May 8, 2018 / 3:05 AM / 2 months ago

Breakingviews - Higher rates are likely to calm Hong Kong property

HONG KONG (Reuters Breakingviews) - Higher rates are likely to calm Hong Kong’s frothy property market. Interbank lending is getting more expensive after a decade-long slump, pointing to costlier mortgages and slower price growth. This will be manageable for banks and developers, and welcome for renters and retailers.

Residential apartments are seen under Ma On Shan peak in Hong Kong, China August 29, 2017. Picture taken August 29, 2017. REUTERS/Bobby Yip

House prices have been on a tear – as have those of offices, shops and warehouses. Second-hand home prices surged more than 30 percent in two years, according to Midland Realty, a broker. Nowadays $1 million, or HK$7.8 million, will not stretch to much more than a one-bedroom apartment on Hong Kong island. Officials have toyed with various countermeasures, such as hiking stamp duty for some buyers, but to little avail.

Change may now be coming from an unexpected quarter. The Hong Kong Monetary Authority started selling U.S. dollars in mid-April to prop up the local currency, in turn draining liquidity. That has helped to nudge up the benchmark 3-month interbank lending rate to around 1.7 percent. For the previous ten years it had averaged slightly under 0.5 percent.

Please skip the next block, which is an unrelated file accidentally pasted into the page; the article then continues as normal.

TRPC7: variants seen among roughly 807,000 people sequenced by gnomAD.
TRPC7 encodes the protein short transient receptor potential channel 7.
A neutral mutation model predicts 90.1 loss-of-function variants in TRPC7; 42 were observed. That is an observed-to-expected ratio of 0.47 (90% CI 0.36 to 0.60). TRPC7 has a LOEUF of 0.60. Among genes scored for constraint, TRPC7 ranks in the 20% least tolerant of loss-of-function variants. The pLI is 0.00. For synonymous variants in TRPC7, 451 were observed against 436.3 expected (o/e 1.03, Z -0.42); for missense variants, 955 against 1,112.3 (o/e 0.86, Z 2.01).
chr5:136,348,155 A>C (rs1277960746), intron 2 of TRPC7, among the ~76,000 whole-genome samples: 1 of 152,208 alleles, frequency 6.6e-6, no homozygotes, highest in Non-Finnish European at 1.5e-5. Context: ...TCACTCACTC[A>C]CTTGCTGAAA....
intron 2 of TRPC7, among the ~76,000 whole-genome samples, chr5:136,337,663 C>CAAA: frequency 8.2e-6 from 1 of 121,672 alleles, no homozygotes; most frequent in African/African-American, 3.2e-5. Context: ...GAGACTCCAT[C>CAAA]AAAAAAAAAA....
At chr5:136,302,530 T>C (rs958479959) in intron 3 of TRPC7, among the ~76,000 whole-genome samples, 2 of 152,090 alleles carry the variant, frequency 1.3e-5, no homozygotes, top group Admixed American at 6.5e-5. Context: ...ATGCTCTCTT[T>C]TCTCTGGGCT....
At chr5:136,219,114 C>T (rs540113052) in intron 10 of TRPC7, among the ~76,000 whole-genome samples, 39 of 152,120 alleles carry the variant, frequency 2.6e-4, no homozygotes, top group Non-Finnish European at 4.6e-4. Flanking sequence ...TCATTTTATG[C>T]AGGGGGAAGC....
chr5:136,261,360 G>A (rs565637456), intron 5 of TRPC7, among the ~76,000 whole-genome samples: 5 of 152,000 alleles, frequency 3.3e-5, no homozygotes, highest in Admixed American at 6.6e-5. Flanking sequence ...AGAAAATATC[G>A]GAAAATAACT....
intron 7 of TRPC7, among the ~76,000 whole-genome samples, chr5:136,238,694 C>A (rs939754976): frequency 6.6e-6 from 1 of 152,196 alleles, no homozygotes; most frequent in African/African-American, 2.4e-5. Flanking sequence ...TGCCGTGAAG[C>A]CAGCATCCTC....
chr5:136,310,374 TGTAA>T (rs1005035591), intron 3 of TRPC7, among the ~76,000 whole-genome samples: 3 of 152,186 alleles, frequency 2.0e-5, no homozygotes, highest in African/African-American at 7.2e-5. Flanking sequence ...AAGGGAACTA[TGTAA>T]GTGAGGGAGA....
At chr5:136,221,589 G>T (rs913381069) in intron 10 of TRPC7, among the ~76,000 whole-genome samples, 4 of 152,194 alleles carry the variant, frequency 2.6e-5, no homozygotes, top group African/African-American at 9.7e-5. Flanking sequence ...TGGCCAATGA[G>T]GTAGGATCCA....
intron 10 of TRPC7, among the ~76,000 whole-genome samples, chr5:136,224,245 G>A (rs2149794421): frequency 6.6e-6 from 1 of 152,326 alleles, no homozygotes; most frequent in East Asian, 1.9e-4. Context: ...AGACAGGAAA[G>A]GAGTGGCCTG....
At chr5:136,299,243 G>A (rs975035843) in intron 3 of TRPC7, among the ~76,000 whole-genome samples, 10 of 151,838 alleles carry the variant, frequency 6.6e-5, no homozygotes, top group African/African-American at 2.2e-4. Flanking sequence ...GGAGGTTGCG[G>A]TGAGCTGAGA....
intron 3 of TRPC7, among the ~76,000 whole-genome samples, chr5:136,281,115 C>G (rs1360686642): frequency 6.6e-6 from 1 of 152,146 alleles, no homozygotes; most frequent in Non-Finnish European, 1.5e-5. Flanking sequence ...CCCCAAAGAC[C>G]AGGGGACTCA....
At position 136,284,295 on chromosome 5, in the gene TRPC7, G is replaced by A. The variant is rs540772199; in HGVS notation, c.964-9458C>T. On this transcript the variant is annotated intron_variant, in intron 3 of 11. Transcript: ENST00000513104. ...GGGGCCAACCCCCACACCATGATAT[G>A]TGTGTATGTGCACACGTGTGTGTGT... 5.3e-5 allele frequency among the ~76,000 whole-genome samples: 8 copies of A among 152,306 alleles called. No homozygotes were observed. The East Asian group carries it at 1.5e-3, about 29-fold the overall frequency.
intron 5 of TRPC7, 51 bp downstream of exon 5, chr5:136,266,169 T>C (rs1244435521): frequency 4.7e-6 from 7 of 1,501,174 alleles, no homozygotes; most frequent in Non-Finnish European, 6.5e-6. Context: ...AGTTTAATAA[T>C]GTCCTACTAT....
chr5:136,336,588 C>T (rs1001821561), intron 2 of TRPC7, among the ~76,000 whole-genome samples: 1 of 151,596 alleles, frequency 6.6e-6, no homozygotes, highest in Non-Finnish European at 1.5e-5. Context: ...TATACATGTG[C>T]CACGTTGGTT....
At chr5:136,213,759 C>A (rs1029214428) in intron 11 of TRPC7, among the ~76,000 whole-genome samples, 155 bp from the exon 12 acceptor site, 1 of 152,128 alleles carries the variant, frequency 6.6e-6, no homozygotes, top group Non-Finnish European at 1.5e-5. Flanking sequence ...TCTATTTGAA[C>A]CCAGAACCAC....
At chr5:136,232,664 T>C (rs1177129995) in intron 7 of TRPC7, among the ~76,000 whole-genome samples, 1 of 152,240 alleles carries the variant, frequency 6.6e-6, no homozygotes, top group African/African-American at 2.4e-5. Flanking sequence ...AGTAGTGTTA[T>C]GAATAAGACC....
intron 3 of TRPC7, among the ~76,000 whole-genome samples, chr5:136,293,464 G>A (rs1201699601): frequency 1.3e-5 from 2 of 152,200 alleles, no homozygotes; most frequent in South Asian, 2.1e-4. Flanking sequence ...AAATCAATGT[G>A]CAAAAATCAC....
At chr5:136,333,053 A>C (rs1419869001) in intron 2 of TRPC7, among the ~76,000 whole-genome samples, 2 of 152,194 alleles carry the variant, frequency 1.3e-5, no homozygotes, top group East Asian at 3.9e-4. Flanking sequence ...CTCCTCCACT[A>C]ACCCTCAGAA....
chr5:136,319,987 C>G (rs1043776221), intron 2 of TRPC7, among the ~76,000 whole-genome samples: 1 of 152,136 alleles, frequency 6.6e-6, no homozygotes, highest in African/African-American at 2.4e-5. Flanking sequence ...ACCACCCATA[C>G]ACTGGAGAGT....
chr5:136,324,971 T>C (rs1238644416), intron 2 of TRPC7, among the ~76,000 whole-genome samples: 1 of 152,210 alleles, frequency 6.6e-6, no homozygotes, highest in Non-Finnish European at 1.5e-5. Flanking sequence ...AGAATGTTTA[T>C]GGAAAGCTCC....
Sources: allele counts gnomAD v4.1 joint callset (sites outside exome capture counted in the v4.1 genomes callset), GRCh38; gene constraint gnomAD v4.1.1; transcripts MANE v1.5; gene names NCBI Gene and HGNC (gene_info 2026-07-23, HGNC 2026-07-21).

These changes will feed into housing, since many mortgages are linked to the interbank rate. Analysts at Mizuho reckon a 1 percentage point increase in mortgage rates could trigger a 10.5 percent decline in home prices, assuming the basic ratio of prices to incomes remains constant.

To be sure, rates are only one factor, alongside other concerns like demand from mainland China and the pace of government land sales. Even so, sustained higher rates will cool price growth for houses and commercial property.

That’s likely to prove manageable for Hong Kong banks such as HSBC, Bank of East Asia and the local arm of Bank of China, which lend extensively against property but typically at conservative loan-to-value ratios. Most of the city’s large banks could handle a 30 percent decline in property prices without it denting their creditworthiness, reckons S&P Global Ratings. Property developers would see profit growth tail off, but start from a position of robust financial health.

Conversely, this would be excellent news for the territory’s would-be homebuyers and renters, including, on the commercial side, many retailers. After years of double-digit price increases, they are unlikely to mind a bit of a cool-down.

Breakingviews

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